10 NFL Players We Wish Would Retire
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It is the tale as old as time: A player well past his prime continues to play on.
Whether it's one, two or three years too many, some players struggle to see the warning signs and understand their current predicament.
Every year a new player joins the club. Every year, every person can pinpoint a handful of players who are past their prime and should not be a member of the respective professional league anymore.
That is the purpose of this slideshow. These are my 10 players who are either well past their prime or have it in their best interest to retire from the NFL.
Jason Taylor, DE Miami Dolphins
It's time Miami Dolphins defensive end Jason Taylor peaced from the NFL.
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Since Jason Taylor opted to dance with the stars in 2008, it seems that his NFL career has fallen.
Taylor was one of the elite pass rushers from 2000-2007. No one could stop him. Everyone wanted him to play defensive end for their team.
Now, he’s a player well past his prime just milking the system for the almighty dollar. He hasn’t had a double-digit sack season since 2007. He hasn’t had over 50 tackles since 2007.
He’s accumulated a mere 15.5 sacks the previous three seasons (5.17 sacks per year).
It’s nice to see him back at the location where he made his name, but do the honorable thing.
After the 2011 campaign, hang up the cleats and go into television. There’s clearly a career there waiting for you.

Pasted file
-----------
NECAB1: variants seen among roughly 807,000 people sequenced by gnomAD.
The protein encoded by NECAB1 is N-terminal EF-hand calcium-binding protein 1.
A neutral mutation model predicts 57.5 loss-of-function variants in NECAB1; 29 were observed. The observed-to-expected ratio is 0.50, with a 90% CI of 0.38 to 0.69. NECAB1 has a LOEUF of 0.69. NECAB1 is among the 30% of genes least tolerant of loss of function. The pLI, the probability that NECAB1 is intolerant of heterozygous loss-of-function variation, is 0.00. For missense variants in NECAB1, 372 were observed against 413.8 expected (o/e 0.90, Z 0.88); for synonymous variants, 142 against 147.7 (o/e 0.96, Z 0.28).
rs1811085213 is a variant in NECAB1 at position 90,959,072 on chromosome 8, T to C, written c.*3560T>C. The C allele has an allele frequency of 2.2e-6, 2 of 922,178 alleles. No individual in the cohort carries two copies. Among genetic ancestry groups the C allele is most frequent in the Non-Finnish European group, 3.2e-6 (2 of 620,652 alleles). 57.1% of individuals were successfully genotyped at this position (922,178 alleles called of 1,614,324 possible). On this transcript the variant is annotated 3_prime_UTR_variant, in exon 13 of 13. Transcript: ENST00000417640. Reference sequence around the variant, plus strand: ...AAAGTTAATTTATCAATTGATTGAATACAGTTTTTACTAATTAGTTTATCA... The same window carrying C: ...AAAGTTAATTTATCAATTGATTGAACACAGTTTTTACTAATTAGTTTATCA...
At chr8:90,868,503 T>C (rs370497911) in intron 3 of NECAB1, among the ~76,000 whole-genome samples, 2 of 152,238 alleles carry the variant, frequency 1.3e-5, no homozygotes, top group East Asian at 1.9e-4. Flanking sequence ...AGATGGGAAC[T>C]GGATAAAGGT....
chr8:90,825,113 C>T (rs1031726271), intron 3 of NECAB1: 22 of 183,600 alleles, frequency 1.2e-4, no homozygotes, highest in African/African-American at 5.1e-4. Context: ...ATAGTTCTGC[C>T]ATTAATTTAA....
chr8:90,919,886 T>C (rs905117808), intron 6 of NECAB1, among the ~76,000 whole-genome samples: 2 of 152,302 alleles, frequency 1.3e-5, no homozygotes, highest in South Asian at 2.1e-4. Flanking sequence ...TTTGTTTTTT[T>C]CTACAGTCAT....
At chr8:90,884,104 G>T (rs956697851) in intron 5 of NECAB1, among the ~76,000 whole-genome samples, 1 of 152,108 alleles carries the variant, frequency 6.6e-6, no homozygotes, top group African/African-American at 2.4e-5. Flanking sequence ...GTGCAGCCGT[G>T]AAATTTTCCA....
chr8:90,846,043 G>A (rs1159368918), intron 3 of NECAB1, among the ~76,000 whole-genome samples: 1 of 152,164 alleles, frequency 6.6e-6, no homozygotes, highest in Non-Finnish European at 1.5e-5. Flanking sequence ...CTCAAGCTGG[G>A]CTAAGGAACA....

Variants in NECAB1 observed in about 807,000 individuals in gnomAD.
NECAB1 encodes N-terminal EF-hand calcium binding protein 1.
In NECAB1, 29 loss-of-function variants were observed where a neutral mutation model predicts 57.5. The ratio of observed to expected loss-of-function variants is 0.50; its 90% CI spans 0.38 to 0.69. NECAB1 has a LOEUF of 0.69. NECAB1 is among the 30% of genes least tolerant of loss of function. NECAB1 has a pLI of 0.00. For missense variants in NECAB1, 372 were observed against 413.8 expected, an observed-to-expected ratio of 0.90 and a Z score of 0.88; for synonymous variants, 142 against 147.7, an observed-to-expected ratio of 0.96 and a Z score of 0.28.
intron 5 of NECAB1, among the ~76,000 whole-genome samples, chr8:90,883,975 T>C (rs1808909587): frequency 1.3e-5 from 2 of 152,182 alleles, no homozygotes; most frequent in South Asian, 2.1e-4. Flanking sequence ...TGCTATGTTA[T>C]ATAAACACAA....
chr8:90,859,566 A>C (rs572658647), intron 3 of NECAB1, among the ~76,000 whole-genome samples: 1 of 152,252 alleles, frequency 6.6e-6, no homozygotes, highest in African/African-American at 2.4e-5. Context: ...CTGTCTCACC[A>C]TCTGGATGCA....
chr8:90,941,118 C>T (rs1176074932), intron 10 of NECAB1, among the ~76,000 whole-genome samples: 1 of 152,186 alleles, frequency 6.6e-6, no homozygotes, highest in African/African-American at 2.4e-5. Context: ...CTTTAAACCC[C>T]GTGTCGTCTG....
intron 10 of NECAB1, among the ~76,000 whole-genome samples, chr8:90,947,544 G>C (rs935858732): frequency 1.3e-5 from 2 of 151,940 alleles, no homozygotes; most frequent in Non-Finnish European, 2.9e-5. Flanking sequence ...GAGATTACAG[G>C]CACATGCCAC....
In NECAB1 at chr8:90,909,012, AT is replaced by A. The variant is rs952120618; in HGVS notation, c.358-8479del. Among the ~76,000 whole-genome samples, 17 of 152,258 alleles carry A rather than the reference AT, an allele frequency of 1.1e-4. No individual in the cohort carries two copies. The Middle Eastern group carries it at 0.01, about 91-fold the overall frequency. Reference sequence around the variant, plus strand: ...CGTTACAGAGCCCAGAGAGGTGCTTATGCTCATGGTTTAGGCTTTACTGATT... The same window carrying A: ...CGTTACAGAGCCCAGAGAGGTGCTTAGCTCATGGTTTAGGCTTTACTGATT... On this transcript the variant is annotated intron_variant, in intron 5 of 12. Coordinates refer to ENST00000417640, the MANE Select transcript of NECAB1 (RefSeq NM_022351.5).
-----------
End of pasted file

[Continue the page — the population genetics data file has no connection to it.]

T.J. Houshmandzadeh, WR Oakland Raiders
Wide receiver T.J. Houshmandzadeh has been with four teams in four years.
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T.J. Houshmandzadeh teamed up with then-Chad Johnson to form one of the best receiving duos in the NFL from 2004-07.
With Carson Palmer serving as the primary gunslinger, this duo helped temporarily revive the Cincinnati Bengals.
But after three years since his time in Cincinnati, it’s difficult to watch Houshmandzadeh go from one team to another as he winds down his time in the NFL. His services seem to be in less and less demand.
From Seattle to Baltimore to Oakland, it’s been sad to watch Houshmandzadeh wind down.
The guy had the talent, but all talent diminishes with age. Let it go T.J.
Chad Ochocinco, WR New England Patriots
New England Patriots wide receiver Chad Ochocinco hasn't caught more than 75 passes since 2007.
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If you struggle as a wide receiver in the New England Patriots system, then something is wrong with you.
With one of the best quarterbacks of the last 20 years under center and an offense that can make a receiver like Wes Welker into one of the best in the game, if a talent like Chad Ochocinco cannot succeed, then it’s time to call it a career.
He had a good run in Cincinnati with fellow member of this list, T.J. Houshmandzadeh, but that was from 2004-2007.
It’s 2011. It’s a new day. And with a new day comes a new reality: the days of Ochocinco as a worthwhile receiver are over.
Chad, you have amazing talents. People generally like you. A future in TV or some other media outlet await you. Your Twitter followers will always love you. Find something else to do.